We like his populist approach, his recognition that there are powerful interests running this country that won't give up power without a fight, and his talk about poverty. In some ways (certainly in terms of campaign rhetoric) he's the most progressive of the major candidates. It is, of course, a bit of a political act he was, at best, a moderate Southern Democrat when he served in the Senate. But at least he's raising issues nobody else is talking about, and we give him immense credit for that. And we've always liked Dennis Kucinich, who is the only person taking the right positions on almost all of the key issues.
But Edwards has slid pretty far out of the running at this point, and Kucinich is an afterthought. The choice Californians face is between Hillary Clinton and Barack Obama. And Obama, for all of his flaws, has fired up a real grassroots movement, has energized the electorate, and is offering the hope of a politics that looks forward, not back. On Feb. 5, vote for Barack Obama.
We have a lot of disagreements with Ron Paul and his libertarian worldview. He opposes the taxes that we need to make civil society function and the government regulations that are essential to protecting the most powerless members of society. From its roots in the Magna Carta and Adam Smith's economic theories to the Bill of Rights, it's clear the United States was founded on a social compact that libertarians too often seem to deny. And Paul compounds these ills in the one area in which he departs from the libertarians: he doesn't support federal abortion rights. He's been associated with some statements that are racially insensitive (to say the least). He clearly shouldn't be president.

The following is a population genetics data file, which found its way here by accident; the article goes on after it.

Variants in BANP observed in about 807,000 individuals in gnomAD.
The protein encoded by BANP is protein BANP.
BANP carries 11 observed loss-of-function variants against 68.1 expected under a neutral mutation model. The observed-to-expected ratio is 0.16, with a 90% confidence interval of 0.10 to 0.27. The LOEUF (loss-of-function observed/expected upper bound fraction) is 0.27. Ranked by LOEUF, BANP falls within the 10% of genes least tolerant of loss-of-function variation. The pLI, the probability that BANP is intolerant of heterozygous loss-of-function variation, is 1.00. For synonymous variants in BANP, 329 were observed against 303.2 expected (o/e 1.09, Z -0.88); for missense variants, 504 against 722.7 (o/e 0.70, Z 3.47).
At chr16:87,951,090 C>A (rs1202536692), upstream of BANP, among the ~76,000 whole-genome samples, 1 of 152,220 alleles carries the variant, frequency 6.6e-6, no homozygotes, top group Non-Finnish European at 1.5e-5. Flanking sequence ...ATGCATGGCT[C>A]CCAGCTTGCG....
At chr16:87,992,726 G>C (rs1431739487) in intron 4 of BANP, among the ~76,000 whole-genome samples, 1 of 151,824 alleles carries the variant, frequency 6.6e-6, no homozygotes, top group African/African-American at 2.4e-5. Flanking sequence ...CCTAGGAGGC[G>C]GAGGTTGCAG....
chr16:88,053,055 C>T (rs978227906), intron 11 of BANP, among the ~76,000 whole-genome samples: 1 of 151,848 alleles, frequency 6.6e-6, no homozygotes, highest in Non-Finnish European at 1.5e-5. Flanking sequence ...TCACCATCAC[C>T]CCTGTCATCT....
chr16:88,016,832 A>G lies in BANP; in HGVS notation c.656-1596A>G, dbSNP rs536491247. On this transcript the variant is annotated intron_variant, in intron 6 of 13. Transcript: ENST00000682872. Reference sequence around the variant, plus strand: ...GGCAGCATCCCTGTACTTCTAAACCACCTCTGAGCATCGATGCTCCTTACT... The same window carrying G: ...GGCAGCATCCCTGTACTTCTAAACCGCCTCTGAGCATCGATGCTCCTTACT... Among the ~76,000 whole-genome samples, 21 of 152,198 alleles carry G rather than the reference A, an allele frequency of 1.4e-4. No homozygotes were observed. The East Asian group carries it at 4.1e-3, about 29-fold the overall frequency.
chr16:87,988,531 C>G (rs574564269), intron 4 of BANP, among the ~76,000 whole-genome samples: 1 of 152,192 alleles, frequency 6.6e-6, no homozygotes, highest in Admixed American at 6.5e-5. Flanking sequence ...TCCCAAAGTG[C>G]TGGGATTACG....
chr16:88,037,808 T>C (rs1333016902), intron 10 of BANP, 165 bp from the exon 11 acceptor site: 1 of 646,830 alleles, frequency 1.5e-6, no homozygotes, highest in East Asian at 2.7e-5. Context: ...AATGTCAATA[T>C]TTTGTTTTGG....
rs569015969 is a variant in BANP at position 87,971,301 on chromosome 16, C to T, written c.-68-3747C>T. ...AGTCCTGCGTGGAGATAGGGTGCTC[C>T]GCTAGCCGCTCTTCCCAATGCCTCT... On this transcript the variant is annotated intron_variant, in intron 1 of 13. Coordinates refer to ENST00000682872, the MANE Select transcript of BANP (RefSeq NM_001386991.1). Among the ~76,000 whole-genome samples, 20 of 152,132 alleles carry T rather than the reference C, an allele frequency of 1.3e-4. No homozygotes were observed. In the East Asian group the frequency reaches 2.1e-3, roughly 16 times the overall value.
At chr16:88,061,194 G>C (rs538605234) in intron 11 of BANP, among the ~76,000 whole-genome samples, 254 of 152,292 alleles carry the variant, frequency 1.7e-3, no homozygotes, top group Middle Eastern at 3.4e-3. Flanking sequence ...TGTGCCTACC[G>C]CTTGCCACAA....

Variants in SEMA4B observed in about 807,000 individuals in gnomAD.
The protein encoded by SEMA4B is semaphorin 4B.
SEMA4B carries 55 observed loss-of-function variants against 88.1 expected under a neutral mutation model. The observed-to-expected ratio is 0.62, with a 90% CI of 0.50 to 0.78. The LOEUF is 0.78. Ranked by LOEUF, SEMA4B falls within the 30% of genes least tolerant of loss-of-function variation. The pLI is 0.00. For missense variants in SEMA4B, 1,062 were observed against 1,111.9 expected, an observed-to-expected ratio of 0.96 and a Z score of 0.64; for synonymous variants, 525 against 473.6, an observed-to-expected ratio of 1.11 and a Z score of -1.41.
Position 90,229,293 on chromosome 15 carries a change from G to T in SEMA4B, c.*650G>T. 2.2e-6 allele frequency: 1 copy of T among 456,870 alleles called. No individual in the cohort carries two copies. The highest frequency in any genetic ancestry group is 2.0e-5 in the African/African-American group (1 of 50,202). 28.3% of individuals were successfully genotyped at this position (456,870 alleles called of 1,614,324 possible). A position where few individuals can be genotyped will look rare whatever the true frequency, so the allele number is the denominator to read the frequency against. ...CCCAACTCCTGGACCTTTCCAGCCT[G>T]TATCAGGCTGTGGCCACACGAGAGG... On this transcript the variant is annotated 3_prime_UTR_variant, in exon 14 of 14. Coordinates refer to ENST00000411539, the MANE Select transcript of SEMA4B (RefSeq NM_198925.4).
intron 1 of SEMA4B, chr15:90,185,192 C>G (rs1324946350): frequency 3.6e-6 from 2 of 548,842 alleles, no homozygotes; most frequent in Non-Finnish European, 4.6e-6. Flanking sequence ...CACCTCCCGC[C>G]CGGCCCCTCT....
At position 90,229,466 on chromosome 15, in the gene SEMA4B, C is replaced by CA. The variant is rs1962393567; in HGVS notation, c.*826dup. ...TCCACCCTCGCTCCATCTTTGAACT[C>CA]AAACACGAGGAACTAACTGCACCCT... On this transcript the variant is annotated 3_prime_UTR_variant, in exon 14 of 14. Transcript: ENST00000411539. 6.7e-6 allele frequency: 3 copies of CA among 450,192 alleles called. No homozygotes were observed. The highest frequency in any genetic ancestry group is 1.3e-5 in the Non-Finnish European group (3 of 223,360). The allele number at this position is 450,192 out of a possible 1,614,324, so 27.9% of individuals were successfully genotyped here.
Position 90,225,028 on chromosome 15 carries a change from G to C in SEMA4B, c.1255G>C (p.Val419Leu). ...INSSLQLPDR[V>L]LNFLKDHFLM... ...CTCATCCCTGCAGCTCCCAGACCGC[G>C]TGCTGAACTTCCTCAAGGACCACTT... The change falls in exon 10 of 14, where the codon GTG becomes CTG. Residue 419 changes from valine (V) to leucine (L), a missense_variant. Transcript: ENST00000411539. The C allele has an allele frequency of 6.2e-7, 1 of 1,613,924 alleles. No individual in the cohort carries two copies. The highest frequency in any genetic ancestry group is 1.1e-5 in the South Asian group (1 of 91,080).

But he won't Paul isn't going to win the nomination. So it's worthwhile endorsing him as a protest vote for two reasons. His presence on the ballot serves to show up some of the hypocrisies of the rest of the GOP field and he is absolutely correct and insightful on one of the most important issues of the day: the war.
Paul is alone among the Republican candidates for president in sounding the alarm that our country is pursuing a dangerous, shortsighted, hypocritical, expensive, and ultimately doomed strategy of trying to dominate the world militarily. He opposed the invasion of Iraq and thinks the US should pull out immediately. It's immensely valuable to have someone like that in the GOP debates, speaking to the conservative half of our country about why this policy violates the principles they claim to hold dear.
Paul is absolutely correct that if we stopped trying to police the world, ended the war on drugs, and quit negotiating trade deals that favor multinational corporations over American families and workers, we would be a far more free and prosperous nation.
We endorsed Ralph Nader for president in 2000, in large part as a protest vote against the neoconservative politics of the Bill Clinton administration (the North American Free Trade Agreement, the General Agreement on Tariffs and Trade, welfare "reform," etc.). And Nader's Green Party campaign had a place (particularly in a state the Democrats were going to win anyway). We've never been among those who blame Nader for Al Gore's loss Gore earned plenty of blame himself. But four years later we, like a lot of Nader's allies and supporters, urged him not to run and he ignored those pleas. Now he may be seeking the Green Party nomination again. Nader hasn't formally announced yet, but he's talking about it which means he still shows no interest in being accountable to anyone. It's too bad he has to end his political life this way.
Fortunately, there are several other credible Green Party candidates.